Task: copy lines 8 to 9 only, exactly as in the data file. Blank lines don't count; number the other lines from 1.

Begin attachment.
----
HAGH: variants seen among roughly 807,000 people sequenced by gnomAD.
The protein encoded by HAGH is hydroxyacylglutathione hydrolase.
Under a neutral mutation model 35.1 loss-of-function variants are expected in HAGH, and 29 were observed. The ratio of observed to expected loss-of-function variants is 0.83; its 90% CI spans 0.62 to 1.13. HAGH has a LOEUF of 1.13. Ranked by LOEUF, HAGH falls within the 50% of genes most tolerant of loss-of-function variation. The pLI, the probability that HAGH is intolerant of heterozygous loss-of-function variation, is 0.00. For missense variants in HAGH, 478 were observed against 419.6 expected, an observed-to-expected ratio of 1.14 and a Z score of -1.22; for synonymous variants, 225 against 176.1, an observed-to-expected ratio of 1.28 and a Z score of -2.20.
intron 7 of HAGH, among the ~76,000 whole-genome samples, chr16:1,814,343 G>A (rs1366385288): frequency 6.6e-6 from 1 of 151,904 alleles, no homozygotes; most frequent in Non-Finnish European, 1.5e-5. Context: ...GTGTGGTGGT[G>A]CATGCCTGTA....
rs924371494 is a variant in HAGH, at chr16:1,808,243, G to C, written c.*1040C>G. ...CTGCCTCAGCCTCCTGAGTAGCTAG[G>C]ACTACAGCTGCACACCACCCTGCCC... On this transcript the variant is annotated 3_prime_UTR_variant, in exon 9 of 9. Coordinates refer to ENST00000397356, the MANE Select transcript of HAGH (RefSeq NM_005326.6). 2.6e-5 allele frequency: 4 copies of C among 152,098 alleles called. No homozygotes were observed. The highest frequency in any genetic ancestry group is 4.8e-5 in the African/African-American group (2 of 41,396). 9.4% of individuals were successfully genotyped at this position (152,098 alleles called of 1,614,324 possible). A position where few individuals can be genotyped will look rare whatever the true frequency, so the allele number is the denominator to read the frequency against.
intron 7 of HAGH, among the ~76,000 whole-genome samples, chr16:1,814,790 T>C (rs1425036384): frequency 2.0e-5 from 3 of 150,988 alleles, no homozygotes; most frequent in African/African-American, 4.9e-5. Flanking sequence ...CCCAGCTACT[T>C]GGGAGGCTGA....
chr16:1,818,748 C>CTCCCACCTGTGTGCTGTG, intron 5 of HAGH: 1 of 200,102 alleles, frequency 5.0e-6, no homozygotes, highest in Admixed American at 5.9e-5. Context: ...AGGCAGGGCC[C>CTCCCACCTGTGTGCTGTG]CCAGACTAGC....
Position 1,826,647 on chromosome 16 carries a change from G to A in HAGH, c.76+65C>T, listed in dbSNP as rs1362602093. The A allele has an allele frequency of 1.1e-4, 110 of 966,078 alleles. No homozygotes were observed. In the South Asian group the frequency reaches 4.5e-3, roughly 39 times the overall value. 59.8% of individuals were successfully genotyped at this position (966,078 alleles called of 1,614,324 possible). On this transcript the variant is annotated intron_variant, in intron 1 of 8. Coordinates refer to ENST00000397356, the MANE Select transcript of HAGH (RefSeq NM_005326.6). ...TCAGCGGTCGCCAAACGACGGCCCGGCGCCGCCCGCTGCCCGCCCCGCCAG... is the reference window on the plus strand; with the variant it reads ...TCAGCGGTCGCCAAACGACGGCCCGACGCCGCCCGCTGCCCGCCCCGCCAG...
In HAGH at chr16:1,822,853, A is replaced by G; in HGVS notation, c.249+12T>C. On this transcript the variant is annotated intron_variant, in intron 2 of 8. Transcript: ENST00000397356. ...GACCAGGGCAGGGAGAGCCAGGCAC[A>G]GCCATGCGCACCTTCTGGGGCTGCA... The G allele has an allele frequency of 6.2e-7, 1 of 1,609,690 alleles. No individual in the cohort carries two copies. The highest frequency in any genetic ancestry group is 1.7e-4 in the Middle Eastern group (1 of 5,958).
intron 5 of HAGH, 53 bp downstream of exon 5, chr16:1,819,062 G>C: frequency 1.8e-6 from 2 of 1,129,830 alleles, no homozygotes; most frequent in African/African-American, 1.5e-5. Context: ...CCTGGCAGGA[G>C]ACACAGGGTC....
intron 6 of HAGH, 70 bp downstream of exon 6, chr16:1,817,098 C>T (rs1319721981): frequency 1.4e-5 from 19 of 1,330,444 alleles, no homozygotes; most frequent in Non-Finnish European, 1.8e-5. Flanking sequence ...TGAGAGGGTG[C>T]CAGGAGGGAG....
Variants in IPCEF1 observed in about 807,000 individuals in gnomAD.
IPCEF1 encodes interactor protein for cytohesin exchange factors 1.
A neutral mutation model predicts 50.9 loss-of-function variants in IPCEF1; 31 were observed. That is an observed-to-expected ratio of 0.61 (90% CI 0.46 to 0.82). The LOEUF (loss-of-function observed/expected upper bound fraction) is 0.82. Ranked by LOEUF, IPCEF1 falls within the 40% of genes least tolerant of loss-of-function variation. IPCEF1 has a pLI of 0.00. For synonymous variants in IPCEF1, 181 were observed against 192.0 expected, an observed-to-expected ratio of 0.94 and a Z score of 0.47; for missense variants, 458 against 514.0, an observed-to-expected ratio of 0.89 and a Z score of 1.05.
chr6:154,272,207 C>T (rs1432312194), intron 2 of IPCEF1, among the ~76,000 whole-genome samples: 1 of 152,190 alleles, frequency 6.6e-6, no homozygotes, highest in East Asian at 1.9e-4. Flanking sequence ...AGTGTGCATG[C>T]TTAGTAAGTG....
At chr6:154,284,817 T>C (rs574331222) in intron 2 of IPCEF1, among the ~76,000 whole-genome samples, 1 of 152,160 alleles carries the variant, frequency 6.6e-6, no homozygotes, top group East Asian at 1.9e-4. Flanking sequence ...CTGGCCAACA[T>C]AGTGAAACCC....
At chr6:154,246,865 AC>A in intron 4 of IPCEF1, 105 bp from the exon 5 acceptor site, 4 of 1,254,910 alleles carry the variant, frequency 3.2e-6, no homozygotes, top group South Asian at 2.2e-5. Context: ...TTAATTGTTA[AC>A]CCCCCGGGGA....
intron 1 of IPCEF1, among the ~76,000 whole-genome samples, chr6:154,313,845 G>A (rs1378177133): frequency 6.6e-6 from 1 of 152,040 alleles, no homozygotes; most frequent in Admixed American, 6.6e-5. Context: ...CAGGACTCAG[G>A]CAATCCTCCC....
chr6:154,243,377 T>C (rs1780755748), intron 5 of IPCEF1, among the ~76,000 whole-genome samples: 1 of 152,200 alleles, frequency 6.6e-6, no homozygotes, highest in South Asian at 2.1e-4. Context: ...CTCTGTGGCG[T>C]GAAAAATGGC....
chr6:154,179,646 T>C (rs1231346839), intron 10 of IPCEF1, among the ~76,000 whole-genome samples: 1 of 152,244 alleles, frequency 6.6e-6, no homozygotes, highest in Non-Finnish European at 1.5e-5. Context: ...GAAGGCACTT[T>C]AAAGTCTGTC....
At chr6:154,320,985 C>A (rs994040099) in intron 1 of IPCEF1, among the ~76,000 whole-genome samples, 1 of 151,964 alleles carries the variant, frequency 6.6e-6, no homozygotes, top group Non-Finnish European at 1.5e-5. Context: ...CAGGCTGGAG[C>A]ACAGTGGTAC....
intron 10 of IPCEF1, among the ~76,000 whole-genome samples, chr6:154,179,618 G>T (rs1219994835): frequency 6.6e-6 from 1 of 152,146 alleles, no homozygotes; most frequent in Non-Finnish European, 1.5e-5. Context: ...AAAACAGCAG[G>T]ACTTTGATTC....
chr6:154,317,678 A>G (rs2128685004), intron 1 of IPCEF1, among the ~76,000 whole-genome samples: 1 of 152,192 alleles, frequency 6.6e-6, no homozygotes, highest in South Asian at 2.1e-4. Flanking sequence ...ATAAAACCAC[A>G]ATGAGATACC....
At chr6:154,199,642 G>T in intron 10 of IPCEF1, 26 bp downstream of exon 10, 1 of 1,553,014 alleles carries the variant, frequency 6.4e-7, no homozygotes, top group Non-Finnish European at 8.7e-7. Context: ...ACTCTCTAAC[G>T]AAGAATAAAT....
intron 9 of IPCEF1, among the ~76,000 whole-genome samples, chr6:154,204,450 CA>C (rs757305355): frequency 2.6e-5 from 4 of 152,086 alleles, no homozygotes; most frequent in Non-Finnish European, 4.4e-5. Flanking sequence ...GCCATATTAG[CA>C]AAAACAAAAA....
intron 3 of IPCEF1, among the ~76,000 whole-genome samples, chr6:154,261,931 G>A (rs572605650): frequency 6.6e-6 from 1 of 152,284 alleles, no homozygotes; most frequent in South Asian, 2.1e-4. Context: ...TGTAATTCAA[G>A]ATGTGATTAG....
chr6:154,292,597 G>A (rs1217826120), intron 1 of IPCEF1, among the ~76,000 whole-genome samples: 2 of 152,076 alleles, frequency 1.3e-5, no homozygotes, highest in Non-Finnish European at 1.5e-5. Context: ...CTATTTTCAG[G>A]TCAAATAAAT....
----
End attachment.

Position 1,826,647 on chromosome 16 carries a change from G to A in HAGH, c.76+65C>T, listed in dbSNP as rs1362602093. The A allele has an allele frequency of 1.1e-4, 110 of 966,078 alleles. No homozygotes were observed. In the South Asian group the frequency reaches 4.5e-3, roughly 39 times the overall value. 59.8% of individuals were successfully genotyped at this position (966,078 alleles called of 1,614,324 possible). On this transcript the variant is annotated intron_variant, in intron 1 of 8. Coordinates refer to ENST00000397356, the MANE Select transcript of HAGH (RefSeq NM_005326.6). ...TCAGCGGTCGCCAAACGACGGCCCGGCGCCGCCCGCTGCCCGCCCCGCCAG... is the reference window on the plus strand; with the variant it reads ...TCAGCGGTCGCCAAACGACGGCCCGACGCCGCCCGCTGCCCGCCCCGCCAG...
In HAGH at chr16:1,822,853, A is replaced by G; in HGVS notation, c.249+12T>C. On this transcript the variant is annotated intron_variant, in intron 2 of 8. Transcript: ENST00000397356. ...GACCAGGGCAGGGAGAGCCAGGCAC[A>G]GCCATGCGCACCTTCTGGGGCTGCA... The G allele has an allele frequency of 6.2e-7, 1 of 1,609,690 alleles. No individual in the cohort carries two copies. The highest frequency in any genetic ancestry group is 1.7e-4 in the Middle Eastern group (1 of 5,958).